Copyright ©2004 Wall Street Instructors, Inc. All rights reserved. No portion of this publication may be reproduced, stored in a retrieval system, or transmitted in any form by any means electronic, mechanical, photocopying, recording or otherwise without prior written permission of Wall Street Instructors, Inc.
Introduction to Nonqualified Plans
The important points addressed in this lesson are:
The name "nonqualified plan" may suggest to the financial practitioner and to the business owner that it is somehow not as good as a "qualified plan"; nothing could be further from the truth
A nonqualified plan is good or bad only insofar as it accomplishes or fails to accomplish the business objective
Nonqualified plans enable businesses to tailor plans around the needs of the business and its key executives
Nonqualified plans may permit the business to recover some or all of the costs of providing the plan benefits
Unlike contributions to qualified plans, contributions to nonqualified plans are not income tax deductible
Nonqualified plans are generally most attractive to businesses in which owners play a part in the day-to-day management
Business needs that may be met through a nonqualified plan include attracting, retaining and rewarding key executives
Salary continuation plans are often referred to as "golden handcuffs" because of their ability to retain key executives
A qualified plan is one that, by meeting certain non-discrimination and other requirements, qualifies for a tax deduction for contributions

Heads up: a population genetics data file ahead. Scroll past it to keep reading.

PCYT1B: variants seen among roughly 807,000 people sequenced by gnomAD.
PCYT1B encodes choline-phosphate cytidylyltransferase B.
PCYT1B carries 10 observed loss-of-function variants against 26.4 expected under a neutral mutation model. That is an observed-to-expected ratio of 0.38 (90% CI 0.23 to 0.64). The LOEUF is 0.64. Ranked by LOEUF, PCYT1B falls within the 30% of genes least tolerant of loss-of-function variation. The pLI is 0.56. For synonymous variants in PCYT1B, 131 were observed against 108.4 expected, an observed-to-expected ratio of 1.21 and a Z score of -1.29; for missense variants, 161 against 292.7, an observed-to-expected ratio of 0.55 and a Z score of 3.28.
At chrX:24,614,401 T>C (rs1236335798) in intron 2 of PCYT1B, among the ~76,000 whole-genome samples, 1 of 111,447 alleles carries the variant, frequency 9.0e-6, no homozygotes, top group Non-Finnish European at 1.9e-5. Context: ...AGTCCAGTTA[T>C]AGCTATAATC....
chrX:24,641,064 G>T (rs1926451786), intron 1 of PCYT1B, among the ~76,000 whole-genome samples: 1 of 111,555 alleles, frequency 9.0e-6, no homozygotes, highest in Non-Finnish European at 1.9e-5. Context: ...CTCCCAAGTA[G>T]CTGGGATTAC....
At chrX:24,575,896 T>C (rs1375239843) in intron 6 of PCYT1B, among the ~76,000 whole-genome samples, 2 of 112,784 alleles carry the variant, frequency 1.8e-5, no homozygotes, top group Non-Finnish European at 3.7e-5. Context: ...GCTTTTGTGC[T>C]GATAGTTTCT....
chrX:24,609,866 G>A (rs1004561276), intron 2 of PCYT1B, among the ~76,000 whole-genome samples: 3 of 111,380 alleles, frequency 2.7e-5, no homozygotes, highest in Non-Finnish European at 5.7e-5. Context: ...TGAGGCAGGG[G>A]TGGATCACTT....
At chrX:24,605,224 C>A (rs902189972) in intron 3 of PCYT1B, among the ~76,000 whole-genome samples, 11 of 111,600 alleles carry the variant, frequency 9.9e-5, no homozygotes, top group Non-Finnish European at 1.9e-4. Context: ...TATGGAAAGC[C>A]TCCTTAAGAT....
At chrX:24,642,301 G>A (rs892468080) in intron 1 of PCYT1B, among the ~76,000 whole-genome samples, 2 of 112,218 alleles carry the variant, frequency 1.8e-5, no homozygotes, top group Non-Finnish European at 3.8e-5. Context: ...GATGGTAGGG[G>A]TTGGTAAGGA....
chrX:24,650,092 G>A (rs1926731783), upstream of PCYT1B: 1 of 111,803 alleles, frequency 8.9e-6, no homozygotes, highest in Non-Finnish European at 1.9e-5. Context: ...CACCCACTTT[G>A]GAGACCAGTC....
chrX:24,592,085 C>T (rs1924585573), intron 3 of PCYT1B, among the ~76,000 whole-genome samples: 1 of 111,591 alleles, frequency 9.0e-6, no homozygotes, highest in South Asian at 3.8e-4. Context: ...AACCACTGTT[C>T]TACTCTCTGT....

The major types of nonqualified plans are split dollar, deferred compensation, executive bonus and group carve out plans
Deferred compensation plans fall into two categories: true deferral plans and salary continuation plans
A split dollar plan is one in which a person with financial resources helps another person with a need to purchase life insurance
An executive bonus plan is the simplest of nonqualified plans and is one under which an employer agrees to pay premiums on a life insurance policy owned by an executive
In a group carve out plan, an employer replaces group life insurance in excess of $50,000 with individual universal life insurance policies and pays a premium equal to the premium for the replaced excess group life insurance
The most effective method of marketing nonqualified plans is through target marketing
Target marketing involves the identification and selection of markets for penetration that meet certain criteria and are appropriate for the agent
To the uninitiated, a nonqualified plan seems clearly inferior to a qualified plan. After all, if it were as good as a qualified plan, wouldn't it also be "qualified"? Perhaps one of the first things that should be done in order to give nonqualified plans the respect which they are due and their rightful place in employee benefit planning is to change their name to something else¼almost anything else.
The question about whether a qualified plan is superior to a nonqualified plan is as inane as the question about how much life insurance an individual should have. To both questions the answer is the same: it depends. In the case of employee benefit plans, the right answer to the question depends upon what the business is trying to accomplish through its plan. In many cases, the business should consider a qualified plan; in many other cases, however, a nonqualified plan may be the only reasonable choice.
This course will examine the four principal nonqualified benefit plans, and it will discuss how they work to accomplish the business owner's objectives. As you read the material that follows, it is important to remember that a nonqualified plan is good or bad only insofar as it furthers -- - or fails to further -- the business owner's objectives in establishing it.